Breitz’s multi-channel video installation draws on the language of the global media, appropriating raw footage from the familiar realm of popular culture to create new audio-visual landscapes. Using the strategies of both composer and DJ, Breitz isolates, splices and remixes footage from mainstream films, television programs and music videos. Her deconstructive method combines a linguistic and structural critique of pop consumerism with the enthusiasm of an adoring fan, such that viewers are invited to probe their own ambivalent positions as fans of consumerism and/or consumers of fan-dom.
During her residency at ArtPace, Breitz produced Diorama, a nine-monitor video installation based upon the long-running TV series, Dallas (1978-1991). For the project, Breitz extracts and edits footage from cliffhanger episodes into nine video loops, each dedicated to one of the series’ main characters and played on its own monitor. The monitors simultaneously chant a repeating catalogue of dilemmas commonly associated with the late twentieth-century family. As the patriarch Jock Ewing repeats, “my barbecue, my house, my barbecue, my house…” the matriarch Miss Ellie whimpers, “I always cry at weddings, I always cry at weddings….” Trapped in another monitor, the daughter-in-law Pam retorts, “But what about love, but what about love…” while the tyrant first son J.R. proclaims, “He’s no son of mine, he’s no son of mine….” Dallas tantalized its audience with the promise of an impending twist or plot diversion, yet invariably depended on a stable cast of characters. The installation is composed of a litany of phrases covering birth and death, marriage and divorce, shares and heirs, annulment and adoption, suicide and betrayal. Like Dallas, Diorama delves into a cross-section of intimate traumas commonly suffered by the suburban family. Further highlighting the domesticity of the project, the monitors are placed in an ArtPace apartment. The viewer is never offered the relief of narrative development or closure and is left to ponder the relationship between personal memories and social memories shared as consumers of the global media.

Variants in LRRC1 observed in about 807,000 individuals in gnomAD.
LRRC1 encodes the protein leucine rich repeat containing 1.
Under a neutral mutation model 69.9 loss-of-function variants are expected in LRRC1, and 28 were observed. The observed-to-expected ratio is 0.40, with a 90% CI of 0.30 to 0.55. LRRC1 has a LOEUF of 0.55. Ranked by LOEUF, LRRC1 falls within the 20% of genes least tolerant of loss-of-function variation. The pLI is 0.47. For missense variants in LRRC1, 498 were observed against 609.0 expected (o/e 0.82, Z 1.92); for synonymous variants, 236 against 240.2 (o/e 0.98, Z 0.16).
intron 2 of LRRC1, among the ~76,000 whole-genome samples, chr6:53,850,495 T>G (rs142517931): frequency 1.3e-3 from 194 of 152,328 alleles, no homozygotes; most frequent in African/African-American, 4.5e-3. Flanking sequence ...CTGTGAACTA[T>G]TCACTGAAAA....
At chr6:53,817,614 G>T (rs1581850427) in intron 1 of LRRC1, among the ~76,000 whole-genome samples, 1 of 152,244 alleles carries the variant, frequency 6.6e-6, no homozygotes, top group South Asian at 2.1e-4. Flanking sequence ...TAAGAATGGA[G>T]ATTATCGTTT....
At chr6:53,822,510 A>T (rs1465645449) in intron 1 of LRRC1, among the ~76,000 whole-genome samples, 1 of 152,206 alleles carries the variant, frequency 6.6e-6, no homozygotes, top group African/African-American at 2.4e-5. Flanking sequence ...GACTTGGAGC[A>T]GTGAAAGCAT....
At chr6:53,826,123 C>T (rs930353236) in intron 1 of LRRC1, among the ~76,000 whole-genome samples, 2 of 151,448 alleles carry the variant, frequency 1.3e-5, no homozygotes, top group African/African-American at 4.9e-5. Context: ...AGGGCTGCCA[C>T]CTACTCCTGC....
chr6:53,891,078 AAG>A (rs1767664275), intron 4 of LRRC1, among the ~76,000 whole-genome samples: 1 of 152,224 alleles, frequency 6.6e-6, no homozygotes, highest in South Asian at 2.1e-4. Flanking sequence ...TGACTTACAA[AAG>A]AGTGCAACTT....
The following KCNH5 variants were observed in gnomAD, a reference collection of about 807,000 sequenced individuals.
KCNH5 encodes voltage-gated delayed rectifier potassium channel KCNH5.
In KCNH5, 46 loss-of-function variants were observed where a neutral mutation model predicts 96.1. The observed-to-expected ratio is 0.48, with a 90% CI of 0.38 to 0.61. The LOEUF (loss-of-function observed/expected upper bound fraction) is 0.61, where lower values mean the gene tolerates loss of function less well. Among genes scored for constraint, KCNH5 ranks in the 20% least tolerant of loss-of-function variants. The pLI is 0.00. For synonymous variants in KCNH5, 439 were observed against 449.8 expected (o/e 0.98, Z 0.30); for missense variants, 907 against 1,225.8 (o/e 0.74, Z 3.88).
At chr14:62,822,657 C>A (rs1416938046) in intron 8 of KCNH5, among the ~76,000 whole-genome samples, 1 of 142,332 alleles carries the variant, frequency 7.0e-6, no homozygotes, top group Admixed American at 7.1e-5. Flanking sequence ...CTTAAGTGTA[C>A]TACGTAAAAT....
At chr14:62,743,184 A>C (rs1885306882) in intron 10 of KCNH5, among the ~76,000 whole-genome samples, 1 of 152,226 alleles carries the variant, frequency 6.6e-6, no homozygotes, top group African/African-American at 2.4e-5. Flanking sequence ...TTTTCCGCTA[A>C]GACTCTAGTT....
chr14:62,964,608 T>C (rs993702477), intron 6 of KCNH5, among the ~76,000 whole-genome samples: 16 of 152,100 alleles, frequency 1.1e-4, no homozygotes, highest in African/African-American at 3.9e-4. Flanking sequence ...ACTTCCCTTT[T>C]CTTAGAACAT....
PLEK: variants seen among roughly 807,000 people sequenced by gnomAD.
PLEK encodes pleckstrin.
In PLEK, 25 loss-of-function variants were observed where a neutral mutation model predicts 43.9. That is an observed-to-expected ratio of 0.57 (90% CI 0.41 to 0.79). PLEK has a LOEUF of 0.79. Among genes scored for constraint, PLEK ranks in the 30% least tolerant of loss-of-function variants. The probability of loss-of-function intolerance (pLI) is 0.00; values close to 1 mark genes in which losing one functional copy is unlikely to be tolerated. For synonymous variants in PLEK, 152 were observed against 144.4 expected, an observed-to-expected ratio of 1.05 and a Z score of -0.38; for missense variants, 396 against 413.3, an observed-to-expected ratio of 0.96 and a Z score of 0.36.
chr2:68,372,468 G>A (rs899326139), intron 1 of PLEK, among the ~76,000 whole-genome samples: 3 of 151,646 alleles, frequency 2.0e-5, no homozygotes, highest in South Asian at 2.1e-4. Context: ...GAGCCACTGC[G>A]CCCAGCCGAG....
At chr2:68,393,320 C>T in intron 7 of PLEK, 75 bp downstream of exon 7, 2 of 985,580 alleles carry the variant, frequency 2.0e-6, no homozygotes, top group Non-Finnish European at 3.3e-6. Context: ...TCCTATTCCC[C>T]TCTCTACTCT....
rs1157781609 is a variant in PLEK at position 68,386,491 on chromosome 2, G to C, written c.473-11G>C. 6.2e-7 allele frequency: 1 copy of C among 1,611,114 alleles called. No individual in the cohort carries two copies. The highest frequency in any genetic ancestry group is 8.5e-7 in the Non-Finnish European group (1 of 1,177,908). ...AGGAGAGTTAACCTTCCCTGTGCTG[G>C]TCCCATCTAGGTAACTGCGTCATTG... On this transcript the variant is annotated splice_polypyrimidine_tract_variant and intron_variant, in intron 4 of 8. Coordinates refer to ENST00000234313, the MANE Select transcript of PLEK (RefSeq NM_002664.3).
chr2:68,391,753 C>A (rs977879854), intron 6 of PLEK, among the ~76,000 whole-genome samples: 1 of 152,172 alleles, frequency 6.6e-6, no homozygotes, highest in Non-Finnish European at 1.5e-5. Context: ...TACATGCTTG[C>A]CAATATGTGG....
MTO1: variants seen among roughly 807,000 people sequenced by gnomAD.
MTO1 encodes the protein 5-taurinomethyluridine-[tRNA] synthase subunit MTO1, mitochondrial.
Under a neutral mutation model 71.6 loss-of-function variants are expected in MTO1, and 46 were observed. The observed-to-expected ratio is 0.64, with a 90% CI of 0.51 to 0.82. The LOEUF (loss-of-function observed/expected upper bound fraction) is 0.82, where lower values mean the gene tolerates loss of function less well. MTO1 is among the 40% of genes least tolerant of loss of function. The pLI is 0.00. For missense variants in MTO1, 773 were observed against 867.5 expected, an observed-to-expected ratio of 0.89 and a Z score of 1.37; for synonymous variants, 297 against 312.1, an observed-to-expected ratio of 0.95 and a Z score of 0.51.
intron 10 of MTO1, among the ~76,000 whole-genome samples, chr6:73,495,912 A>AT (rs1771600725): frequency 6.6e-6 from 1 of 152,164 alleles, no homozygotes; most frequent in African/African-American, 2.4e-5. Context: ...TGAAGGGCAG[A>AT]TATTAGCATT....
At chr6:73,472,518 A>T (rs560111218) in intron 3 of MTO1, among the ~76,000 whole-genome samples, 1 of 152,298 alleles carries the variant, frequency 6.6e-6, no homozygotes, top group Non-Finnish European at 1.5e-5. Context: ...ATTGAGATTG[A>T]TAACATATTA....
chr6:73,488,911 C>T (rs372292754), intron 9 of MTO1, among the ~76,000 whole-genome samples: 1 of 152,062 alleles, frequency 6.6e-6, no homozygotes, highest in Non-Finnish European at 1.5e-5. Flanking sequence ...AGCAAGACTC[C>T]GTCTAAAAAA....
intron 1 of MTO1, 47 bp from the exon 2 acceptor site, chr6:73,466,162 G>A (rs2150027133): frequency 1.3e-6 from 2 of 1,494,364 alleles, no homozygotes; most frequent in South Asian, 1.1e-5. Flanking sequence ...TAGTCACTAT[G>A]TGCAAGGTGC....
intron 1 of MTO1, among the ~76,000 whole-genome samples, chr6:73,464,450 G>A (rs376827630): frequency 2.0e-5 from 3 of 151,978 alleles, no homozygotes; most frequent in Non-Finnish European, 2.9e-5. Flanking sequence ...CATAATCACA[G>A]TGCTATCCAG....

In addition to Diorama, Breitz presents a series of five interior decorated listening stations in her playing time- or trend-specific music, with a fragmentary environment ground floor gallery space titled Your Sixties, Your Seventies, Your Eighties, Your Classic Country and Your Chicken Soup. Similar to Diorama, these “personal jukeboxes” investigate the way in which our nostalgia for the past is packaged and sold back to us as a range of consumer products and lifestyles. Each of Breitz’s “nostalgia machines” forms an actual jukebox that is contiguous with that music.